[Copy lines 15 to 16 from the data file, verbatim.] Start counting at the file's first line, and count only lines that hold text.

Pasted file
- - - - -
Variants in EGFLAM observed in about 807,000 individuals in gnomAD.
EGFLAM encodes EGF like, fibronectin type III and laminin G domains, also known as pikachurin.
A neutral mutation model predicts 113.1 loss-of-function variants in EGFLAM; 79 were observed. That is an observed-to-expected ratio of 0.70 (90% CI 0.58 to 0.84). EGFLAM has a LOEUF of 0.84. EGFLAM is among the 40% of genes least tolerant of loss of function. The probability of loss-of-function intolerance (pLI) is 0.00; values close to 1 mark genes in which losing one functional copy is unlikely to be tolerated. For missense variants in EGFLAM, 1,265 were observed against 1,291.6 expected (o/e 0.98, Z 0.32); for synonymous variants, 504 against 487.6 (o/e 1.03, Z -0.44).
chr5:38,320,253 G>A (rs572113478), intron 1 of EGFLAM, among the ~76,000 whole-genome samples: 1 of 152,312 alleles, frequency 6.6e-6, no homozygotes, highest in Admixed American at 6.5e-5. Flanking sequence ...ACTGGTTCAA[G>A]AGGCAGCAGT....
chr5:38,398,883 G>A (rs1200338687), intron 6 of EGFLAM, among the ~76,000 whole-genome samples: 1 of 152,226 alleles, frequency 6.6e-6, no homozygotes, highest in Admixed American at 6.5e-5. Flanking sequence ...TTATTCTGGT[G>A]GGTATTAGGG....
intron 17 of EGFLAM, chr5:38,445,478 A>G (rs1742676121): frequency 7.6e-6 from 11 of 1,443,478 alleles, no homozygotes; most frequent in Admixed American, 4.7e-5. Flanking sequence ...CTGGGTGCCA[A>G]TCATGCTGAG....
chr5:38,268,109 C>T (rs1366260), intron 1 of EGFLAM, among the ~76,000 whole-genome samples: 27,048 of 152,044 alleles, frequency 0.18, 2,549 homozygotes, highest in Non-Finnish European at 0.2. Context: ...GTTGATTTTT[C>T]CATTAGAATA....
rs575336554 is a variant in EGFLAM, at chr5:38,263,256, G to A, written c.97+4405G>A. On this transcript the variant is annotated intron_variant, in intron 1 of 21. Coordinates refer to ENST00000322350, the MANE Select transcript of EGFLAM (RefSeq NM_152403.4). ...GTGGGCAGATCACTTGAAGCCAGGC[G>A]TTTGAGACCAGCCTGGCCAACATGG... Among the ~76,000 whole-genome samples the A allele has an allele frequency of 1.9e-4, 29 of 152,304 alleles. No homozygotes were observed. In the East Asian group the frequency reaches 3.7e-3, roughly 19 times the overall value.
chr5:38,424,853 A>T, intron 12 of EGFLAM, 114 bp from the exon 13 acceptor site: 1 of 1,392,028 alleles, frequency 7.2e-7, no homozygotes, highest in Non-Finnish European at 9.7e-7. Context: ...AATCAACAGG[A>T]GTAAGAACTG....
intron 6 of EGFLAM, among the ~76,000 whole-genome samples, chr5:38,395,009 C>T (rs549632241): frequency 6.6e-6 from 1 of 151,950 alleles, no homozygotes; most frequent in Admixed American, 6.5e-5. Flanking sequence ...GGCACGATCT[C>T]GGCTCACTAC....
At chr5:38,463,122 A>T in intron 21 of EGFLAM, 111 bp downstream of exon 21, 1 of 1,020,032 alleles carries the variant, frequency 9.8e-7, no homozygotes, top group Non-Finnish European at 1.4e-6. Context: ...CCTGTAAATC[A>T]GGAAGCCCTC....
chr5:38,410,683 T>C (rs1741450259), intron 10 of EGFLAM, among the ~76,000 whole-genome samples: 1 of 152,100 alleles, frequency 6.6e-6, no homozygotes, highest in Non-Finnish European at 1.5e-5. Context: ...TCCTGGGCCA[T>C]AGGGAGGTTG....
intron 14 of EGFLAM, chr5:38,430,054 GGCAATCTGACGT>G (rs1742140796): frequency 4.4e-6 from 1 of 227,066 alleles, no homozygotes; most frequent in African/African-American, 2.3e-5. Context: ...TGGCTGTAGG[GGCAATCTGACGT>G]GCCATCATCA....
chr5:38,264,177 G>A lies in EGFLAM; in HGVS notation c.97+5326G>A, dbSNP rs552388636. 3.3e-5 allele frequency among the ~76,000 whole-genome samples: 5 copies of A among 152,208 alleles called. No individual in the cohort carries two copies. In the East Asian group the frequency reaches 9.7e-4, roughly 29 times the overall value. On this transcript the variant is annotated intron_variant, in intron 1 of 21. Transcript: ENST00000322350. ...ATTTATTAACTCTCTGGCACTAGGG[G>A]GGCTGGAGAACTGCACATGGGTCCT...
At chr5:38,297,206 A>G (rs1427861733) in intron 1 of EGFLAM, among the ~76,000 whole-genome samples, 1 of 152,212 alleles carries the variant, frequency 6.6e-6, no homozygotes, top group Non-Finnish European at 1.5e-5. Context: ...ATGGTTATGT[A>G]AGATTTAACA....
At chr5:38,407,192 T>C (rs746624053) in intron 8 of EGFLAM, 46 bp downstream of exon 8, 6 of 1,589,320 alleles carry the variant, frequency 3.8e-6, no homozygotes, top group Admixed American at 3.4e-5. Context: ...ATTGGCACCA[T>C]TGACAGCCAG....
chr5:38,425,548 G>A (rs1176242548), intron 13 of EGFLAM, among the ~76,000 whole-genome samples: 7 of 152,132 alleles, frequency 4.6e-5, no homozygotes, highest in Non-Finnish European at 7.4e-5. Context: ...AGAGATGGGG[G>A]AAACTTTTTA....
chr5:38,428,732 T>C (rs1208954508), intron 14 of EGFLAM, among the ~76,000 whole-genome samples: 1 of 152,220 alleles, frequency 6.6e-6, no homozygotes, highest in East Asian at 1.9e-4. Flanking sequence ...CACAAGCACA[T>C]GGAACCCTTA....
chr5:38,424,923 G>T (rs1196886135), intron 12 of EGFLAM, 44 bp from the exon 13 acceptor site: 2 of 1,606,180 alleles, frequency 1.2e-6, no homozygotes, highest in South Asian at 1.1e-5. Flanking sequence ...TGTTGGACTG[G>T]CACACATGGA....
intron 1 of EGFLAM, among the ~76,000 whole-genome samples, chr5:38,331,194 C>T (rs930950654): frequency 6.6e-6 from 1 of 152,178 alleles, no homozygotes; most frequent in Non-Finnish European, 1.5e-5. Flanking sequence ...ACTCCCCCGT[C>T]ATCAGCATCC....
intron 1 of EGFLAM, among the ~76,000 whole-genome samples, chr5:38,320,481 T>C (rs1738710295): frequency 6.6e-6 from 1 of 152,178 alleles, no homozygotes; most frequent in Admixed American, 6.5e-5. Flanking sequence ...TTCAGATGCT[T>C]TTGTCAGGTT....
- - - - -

At chr5:38,297,206 A>G (rs1427861733) in intron 1 of EGFLAM, among the ~76,000 whole-genome samples, 1 of 152,212 alleles carries the variant, frequency 6.6e-6, no homozygotes, top group Non-Finnish European at 1.5e-5. Context: ...ATGGTTATGT[A>G]AGATTTAACA....
At chr5:38,407,192 T>C (rs746624053) in intron 8 of EGFLAM, 46 bp downstream of exon 8, 6 of 1,589,320 alleles carry the variant, frequency 3.8e-6, no homozygotes, top group Admixed American at 3.4e-5. Context: ...ATTGGCACCA[T>C]TGACAGCCAG....